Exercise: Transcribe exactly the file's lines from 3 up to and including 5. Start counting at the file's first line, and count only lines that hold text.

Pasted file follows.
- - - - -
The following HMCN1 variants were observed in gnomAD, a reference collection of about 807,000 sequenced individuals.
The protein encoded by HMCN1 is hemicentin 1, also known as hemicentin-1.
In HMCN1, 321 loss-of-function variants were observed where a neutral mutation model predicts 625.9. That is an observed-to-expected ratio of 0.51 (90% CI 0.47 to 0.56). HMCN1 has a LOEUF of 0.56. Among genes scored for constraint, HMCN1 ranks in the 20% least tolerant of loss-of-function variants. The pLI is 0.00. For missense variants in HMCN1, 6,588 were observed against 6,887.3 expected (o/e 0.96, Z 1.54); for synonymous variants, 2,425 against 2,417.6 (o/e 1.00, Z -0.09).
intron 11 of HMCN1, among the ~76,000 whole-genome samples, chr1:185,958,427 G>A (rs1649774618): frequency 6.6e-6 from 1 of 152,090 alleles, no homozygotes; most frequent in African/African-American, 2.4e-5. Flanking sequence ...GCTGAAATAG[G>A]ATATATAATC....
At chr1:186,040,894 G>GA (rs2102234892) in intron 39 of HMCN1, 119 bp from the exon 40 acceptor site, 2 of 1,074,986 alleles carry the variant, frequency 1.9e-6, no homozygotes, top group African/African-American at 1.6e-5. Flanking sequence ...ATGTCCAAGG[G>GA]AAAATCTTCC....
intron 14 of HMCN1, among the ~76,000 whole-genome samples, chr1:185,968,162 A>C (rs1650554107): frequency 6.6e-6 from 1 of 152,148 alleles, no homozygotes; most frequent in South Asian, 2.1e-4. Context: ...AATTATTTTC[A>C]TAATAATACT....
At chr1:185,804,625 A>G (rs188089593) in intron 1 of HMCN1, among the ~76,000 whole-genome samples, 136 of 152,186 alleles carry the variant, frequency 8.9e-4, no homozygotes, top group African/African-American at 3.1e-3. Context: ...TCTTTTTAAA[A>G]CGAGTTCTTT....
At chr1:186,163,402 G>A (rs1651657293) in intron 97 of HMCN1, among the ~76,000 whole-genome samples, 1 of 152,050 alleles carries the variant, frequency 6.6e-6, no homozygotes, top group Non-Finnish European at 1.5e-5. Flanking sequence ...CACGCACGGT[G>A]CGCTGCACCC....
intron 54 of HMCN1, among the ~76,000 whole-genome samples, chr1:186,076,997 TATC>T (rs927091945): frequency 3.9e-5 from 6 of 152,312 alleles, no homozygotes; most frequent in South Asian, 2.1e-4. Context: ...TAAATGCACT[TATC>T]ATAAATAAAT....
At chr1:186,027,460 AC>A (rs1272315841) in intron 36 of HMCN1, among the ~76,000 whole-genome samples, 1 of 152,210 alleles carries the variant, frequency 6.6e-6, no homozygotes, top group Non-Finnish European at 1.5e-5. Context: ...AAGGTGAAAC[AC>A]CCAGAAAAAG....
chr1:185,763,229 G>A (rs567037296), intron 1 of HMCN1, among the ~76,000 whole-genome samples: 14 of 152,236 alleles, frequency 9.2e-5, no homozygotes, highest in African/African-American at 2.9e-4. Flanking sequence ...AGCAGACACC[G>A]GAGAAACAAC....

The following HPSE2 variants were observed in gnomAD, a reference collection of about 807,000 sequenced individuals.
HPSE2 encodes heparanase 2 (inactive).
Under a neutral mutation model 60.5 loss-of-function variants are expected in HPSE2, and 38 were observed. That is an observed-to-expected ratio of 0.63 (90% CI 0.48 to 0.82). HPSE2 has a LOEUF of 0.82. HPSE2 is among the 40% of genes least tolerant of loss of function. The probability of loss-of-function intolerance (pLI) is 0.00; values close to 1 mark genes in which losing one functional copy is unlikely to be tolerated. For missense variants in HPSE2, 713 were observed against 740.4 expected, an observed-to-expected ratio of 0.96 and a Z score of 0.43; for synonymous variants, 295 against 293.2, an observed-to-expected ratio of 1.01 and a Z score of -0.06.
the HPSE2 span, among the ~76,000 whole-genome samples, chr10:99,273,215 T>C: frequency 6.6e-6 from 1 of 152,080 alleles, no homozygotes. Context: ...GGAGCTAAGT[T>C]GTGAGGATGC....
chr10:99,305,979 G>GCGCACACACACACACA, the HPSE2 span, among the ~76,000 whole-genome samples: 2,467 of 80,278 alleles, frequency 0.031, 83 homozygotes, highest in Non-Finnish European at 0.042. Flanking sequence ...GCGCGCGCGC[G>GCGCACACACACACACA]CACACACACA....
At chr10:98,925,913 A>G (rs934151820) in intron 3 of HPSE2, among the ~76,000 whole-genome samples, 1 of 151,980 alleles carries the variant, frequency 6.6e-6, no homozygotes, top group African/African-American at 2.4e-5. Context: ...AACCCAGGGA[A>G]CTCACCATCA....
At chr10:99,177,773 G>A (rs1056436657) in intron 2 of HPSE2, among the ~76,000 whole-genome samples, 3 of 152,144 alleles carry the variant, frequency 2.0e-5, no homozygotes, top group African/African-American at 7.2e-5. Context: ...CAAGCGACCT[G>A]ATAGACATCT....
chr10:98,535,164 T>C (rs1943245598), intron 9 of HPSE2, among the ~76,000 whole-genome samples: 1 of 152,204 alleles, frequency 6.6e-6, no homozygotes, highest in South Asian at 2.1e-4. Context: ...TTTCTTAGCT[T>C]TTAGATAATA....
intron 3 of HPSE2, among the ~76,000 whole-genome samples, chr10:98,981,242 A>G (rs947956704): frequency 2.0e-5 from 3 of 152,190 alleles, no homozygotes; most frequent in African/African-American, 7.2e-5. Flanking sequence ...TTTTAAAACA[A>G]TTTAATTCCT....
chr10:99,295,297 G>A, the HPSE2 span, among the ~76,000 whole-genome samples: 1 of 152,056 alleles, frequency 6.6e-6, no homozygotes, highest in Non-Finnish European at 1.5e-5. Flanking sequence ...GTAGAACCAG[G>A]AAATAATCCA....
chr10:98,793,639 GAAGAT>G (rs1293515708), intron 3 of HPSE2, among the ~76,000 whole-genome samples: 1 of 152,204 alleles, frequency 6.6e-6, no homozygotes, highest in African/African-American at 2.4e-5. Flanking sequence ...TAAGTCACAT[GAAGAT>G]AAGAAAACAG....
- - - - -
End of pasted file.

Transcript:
In HMCN1, 321 loss-of-function variants were observed where a neutral mutation model predicts 625.9. That is an observed-to-expected ratio of 0.51 (90% CI 0.47 to 0.56). HMCN1 has a LOEUF of 0.56. Among genes scored for constraint, HMCN1 ranks in the 20% least tolerant of loss-of-function variants. The pLI is 0.00. For missense variants in HMCN1, 6,588 were observed against 6,887.3 expected (o/e 0.96, Z 1.54); for synonymous variants, 2,425 against 2,417.6 (o/e 1.00, Z -0.09).
intron 11 of HMCN1, among the ~76,000 whole-genome samples, chr1:185,958,427 G>A (rs1649774618): frequency 6.6e-6 from 1 of 152,090 alleles, no homozygotes; most frequent in African/African-American, 2.4e-5. Flanking sequence ...GCTGAAATAG[G>A]ATATATAATC....
At chr1:186,040,894 G>GA (rs2102234892) in intron 39 of HMCN1, 119 bp from the exon 40 acceptor site, 2 of 1,074,986 alleles carry the variant, frequency 1.9e-6, no homozygotes, top group African/African-American at 1.6e-5. Flanking sequence ...ATGTCCAAGG[G>GA]AAAATCTTCC....